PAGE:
The Big Three tips alone comprise a home winterization program that costs less than a burger and fries—yet can result in measurable energy savings. If you have found any other simple energy savers, I hope you’ll share: drop me an email, or give me a call at the office!
When your primary residence is one of our Bainbridge Island rentals, from time to time you may find yourself pausing, pen hovering over checkbook, thinking, “What if this check were going to buy this place, instead…?”
It’s a nearly unavoidable thought because common wisdom has it that buying a home usually makes more financial sense than renting it. That sounds sensible simply because at the end of the day (or, more accurately, at the end of a 15- or 30-year mortgage term), ownership means you no longer have to write those checks: you own that Bainbridge Island rental. It could be true—but there’s a lot more involved in the purchase-or-rental decision. If you make it a point from time to time to recalculate your situation, should it turn out that you aren’t any better off exiting the rental ranks, writing those checks to the landlord will become a less stressful activity.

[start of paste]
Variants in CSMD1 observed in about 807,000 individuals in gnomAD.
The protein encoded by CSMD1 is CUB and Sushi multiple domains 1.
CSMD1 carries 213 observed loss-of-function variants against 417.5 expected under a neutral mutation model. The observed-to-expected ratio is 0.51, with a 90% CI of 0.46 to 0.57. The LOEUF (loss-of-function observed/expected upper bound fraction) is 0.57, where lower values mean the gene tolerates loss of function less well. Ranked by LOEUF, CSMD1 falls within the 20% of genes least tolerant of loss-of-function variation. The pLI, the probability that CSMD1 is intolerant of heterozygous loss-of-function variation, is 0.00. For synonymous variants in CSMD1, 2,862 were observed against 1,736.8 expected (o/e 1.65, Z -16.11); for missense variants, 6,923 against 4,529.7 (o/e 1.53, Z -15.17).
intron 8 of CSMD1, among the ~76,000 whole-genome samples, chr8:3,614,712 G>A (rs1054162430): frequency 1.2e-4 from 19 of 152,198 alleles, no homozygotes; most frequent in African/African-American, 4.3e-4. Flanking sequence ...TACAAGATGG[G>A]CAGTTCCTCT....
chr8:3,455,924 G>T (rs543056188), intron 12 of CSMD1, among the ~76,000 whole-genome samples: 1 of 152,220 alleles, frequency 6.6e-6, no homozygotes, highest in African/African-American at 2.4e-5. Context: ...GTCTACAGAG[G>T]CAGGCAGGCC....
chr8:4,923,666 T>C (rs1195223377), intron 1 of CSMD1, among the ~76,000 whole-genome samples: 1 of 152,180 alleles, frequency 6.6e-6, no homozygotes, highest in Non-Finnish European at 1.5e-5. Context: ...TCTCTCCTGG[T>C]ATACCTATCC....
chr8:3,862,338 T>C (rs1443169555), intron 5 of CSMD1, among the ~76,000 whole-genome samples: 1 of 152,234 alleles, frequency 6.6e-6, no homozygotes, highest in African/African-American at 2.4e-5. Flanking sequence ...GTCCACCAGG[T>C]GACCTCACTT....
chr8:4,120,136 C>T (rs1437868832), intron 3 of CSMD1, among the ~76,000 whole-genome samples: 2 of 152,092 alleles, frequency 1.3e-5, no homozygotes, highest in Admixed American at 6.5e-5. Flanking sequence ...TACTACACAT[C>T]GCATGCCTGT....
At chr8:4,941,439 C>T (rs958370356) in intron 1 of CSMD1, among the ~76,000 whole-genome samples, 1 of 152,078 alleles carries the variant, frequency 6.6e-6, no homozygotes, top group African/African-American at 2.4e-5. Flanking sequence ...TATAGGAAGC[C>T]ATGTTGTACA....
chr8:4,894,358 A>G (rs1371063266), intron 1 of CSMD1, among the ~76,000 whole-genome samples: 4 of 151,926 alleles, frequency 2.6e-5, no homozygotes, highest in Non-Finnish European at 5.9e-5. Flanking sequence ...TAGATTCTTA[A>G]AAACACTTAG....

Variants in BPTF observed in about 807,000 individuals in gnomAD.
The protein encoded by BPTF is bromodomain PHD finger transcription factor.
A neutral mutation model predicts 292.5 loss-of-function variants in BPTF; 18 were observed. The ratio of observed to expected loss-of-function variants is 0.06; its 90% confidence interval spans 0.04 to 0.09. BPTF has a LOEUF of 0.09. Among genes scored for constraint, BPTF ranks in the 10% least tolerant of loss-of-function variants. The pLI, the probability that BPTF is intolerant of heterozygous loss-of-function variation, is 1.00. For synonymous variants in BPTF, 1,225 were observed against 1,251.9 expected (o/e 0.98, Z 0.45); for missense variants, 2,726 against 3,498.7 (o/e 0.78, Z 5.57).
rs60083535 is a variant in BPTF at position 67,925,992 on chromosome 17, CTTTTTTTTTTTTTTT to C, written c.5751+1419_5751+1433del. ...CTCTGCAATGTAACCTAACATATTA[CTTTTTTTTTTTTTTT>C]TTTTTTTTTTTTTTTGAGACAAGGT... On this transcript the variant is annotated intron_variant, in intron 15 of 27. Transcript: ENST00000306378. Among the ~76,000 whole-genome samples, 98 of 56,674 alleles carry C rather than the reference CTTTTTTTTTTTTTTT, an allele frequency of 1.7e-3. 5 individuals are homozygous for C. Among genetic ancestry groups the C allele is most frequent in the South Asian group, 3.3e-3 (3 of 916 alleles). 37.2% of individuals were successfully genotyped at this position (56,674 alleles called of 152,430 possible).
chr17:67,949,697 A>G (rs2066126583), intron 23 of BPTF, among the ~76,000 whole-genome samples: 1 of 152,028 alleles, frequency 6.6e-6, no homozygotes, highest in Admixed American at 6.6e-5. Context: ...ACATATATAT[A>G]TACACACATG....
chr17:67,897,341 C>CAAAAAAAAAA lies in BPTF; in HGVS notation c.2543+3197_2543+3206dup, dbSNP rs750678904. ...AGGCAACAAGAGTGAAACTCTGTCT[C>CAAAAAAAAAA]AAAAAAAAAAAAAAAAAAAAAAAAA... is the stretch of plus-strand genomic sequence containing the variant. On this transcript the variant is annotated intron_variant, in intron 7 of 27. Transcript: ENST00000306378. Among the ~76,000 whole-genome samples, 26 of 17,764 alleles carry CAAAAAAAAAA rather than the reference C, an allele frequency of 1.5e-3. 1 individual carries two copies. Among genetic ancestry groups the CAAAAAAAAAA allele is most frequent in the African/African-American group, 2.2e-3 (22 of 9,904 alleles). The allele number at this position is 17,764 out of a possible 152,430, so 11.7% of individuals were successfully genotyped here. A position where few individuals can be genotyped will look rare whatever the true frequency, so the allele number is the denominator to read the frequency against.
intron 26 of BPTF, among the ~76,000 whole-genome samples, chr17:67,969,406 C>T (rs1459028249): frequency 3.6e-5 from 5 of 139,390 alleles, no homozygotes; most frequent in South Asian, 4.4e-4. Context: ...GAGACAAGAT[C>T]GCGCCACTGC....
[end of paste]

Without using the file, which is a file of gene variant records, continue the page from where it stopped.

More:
The first consideration is location, location, location—but not in the usual sense. The question is how permanently you are likely to stay where you are. What are the odds that your job or family issues will take you away? If it’s likely that you will be moving out of Bainbridge Island within five years or less, a rental could well be a better choice. Buying and selling expenses—plus the time and effort involved—are factors that often make it wiser to delay buying until you are situated more permanently.
Then there is the real monthly outlay comparison between the two. Realistic calculations for owning take into account all of the monthly expenses involved. They include property taxes, homeowner or condo fees, insurance, gardening expenses, utility costs, and maintenance costs (they tend to be more than you first estimate). If your rental check is significantly smaller than the monthly home owning total, your financial ship might float higher if you put the difference into a savings account. You should consider whether your money might be put to better use elsewhere.